Since the early 20th century, the cruise sector has ridden a wave of popularity. By offering a variety of differing holiday experiences, cruise holidays are appealing to more people than ever before. We can look forward to continued progression as cruise-liners grow bigger and better. But to what can we attribute this boom? And what does this mean for the maritime industry as a whole?
Last year, we reported that the number of cruise passengers in 2018 was expected to be as high as 27.2 million. According to statistics gathered by the Cruise Lines International Association (CLIA), the actual number of passengers was closer to 28.2 million. What’s more, these figures are set to be topped by 2019’s projected 6.4% increase, amounting to 30 million.
Once a flourishing market enjoying 70% year-upon-year growth between 2013 and 2016, Chinese cruise capacity has dipped dramatically in recent times. Although the Chinese market is currently undergoing a ‘readjustment’ period, industry leaders have promised blue skies ahead. More destinations, improved pricing agreements, and Chinese-targeted cruise ships are all set improve the state of the market.
It seems as though capacity, as opposed to demand, is the biggest threat to growth on a global scale. However, companies such as Royal Caribbean, Carnival, and Hapag-Lloyd will all contribute brand-new vessels this year. In a range of types and sizes, 24 new ships will join the market. A growing trend is also contributing to popularity. Bespoke cruises are seen as a more intimate alternative to the large cruise-liner excursion. Some small cruise ships have a capacity of fewer than 100 people.
Innovation adds value
Cruise operators are implementing new technologies to enhance the passenger experience and to appeal to cruisers of the future. This year, we have seen further investment in faster on-board internet and ventures into artificial intelligence. Royal Caribbean is using facial recognition technology instead of tickets to permit passengers on board. Virtual and augmented reality experiences are also available on board many vessels, enhancing the dining experience and turning stateroom ceilings into starry skies or transforming rooms into a video game environment.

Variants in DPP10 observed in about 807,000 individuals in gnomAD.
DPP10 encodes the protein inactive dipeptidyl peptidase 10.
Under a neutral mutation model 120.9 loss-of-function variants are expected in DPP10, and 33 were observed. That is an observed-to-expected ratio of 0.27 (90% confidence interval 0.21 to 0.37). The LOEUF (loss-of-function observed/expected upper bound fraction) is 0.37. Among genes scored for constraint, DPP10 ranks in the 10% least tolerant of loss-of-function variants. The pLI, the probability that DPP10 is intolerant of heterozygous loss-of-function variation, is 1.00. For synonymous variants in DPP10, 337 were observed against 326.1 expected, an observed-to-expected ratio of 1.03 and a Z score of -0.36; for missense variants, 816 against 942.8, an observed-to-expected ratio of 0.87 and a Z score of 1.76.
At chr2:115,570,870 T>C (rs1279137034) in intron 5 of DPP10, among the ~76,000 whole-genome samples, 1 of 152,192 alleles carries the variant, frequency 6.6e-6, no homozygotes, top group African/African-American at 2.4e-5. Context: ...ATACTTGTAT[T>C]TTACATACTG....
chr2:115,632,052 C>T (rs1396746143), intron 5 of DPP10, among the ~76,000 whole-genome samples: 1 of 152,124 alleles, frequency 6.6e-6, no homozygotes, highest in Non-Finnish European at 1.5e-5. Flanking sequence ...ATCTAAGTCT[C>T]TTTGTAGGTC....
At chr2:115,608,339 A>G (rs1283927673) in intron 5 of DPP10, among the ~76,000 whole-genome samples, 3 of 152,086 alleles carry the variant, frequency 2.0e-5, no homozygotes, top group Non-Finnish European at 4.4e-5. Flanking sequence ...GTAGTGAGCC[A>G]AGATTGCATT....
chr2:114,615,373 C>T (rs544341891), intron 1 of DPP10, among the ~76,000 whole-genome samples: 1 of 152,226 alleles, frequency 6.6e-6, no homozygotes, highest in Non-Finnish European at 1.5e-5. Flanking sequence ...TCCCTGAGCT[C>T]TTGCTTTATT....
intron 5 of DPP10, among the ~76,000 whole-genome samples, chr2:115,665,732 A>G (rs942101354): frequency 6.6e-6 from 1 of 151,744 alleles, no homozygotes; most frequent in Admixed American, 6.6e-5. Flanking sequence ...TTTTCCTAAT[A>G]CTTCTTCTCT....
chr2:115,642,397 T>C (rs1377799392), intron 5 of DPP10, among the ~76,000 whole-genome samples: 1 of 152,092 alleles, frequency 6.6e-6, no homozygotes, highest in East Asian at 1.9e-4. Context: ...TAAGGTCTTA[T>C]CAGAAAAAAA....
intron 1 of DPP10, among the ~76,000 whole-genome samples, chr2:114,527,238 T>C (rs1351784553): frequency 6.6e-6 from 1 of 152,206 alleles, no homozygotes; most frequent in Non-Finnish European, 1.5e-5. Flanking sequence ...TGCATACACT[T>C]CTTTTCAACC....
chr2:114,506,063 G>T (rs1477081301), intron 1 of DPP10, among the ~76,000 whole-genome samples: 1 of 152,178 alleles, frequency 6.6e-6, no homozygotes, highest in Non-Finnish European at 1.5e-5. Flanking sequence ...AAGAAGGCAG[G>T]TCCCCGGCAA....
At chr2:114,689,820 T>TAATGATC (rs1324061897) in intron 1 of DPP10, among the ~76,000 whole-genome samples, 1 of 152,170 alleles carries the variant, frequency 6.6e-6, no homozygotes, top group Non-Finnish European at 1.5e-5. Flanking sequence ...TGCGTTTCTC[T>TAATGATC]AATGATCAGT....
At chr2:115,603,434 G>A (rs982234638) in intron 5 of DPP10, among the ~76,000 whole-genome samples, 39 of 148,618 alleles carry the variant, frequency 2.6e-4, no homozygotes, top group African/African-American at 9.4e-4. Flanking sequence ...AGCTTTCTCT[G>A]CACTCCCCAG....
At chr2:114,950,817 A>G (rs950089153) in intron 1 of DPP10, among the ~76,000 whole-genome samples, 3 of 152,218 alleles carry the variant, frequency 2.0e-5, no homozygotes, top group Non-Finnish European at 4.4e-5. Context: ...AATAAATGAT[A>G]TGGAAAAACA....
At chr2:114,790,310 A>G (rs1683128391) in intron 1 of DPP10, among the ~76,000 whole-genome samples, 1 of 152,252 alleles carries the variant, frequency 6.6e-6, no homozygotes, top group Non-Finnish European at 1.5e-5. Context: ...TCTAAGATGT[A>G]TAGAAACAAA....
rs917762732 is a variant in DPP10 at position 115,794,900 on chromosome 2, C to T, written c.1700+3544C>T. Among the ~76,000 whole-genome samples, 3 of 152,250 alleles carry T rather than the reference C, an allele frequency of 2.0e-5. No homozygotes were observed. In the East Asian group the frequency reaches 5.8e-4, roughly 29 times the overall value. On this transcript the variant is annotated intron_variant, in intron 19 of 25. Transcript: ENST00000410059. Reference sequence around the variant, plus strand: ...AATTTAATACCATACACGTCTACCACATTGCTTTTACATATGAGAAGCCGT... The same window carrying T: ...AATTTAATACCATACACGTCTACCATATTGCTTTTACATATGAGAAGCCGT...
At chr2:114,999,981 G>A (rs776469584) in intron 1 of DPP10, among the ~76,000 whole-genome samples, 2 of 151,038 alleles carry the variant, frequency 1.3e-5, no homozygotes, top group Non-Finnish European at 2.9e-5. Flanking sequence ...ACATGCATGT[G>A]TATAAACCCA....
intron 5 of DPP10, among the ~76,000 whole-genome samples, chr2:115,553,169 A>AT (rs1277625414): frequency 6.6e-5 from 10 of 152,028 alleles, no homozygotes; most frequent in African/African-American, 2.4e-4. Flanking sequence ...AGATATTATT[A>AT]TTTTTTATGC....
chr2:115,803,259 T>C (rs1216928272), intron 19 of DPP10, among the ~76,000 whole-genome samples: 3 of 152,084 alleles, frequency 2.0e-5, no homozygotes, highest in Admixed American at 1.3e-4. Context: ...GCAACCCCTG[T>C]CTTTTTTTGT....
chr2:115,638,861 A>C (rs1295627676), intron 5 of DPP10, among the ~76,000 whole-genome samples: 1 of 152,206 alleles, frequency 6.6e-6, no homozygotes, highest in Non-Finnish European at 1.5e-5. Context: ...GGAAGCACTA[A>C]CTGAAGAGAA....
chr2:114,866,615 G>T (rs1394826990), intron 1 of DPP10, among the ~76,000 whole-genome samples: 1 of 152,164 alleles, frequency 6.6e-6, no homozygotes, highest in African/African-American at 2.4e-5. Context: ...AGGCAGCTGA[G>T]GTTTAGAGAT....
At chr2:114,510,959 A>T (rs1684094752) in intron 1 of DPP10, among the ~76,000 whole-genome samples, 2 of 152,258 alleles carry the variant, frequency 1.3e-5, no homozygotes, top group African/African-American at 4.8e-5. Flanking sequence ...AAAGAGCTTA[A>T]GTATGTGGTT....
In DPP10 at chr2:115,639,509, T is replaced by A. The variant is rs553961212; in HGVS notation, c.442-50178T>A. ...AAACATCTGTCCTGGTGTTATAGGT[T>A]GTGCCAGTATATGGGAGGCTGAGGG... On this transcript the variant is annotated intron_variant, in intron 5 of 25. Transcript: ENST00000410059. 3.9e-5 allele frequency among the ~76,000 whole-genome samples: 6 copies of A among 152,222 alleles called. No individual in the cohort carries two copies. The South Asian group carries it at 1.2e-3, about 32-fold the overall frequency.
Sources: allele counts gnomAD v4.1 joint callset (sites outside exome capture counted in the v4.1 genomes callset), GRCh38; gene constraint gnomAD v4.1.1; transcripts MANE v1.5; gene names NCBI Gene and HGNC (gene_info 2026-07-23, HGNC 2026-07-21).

The inclusion of these state-of-the-art technologies demonstrates a will to encourage younger generations to cruise. Traditionally more popular with the ‘baby-boomer’ generation, cruise companies like Royal Caribbean are now investing heavily to appeal to millennials and succeeding generations.
Cruising toward compliance
A surge in environmental regulations has triggered cruise operators to develop new methods for compliance. The issue surrounding the treatment of ballast water remains one of importance across the entire marine industry. Cruise ships require lower-than-typical levels of ballast water, nevertheless, retrofitting a ballast water management system (BWMS) is a complex procedure that can lead to lengthy downtime. Therefore, it’s imperative that operators take time to consider which BWMS is suitable for their situation.
Shipping companies are seeking alternate fuels in order to comply with carbon and sulfur emission restrictions. A few cruise ships, such as the AIDAnova, are already using liquefied natural gas (LNG) for propulsion, and more are on order. But critics argue that the cruise industry can do more to have a positive effect on the environment and public health. Compliance with these regulations ensures that the cruise industry is contributing to environmental protection. And by adopting an eco-friendly approach, it can hope to secure more cruisers.
Cruise companies are responding to technological and cultural trends and are continuing to add value to the passenger experience. The baby boomer generation is reaching retirement age, and generations x and y are looking for alternative travel experiences. So, the growing demand for cruise travel, and the fleet to support it, could prime the industry for continued success.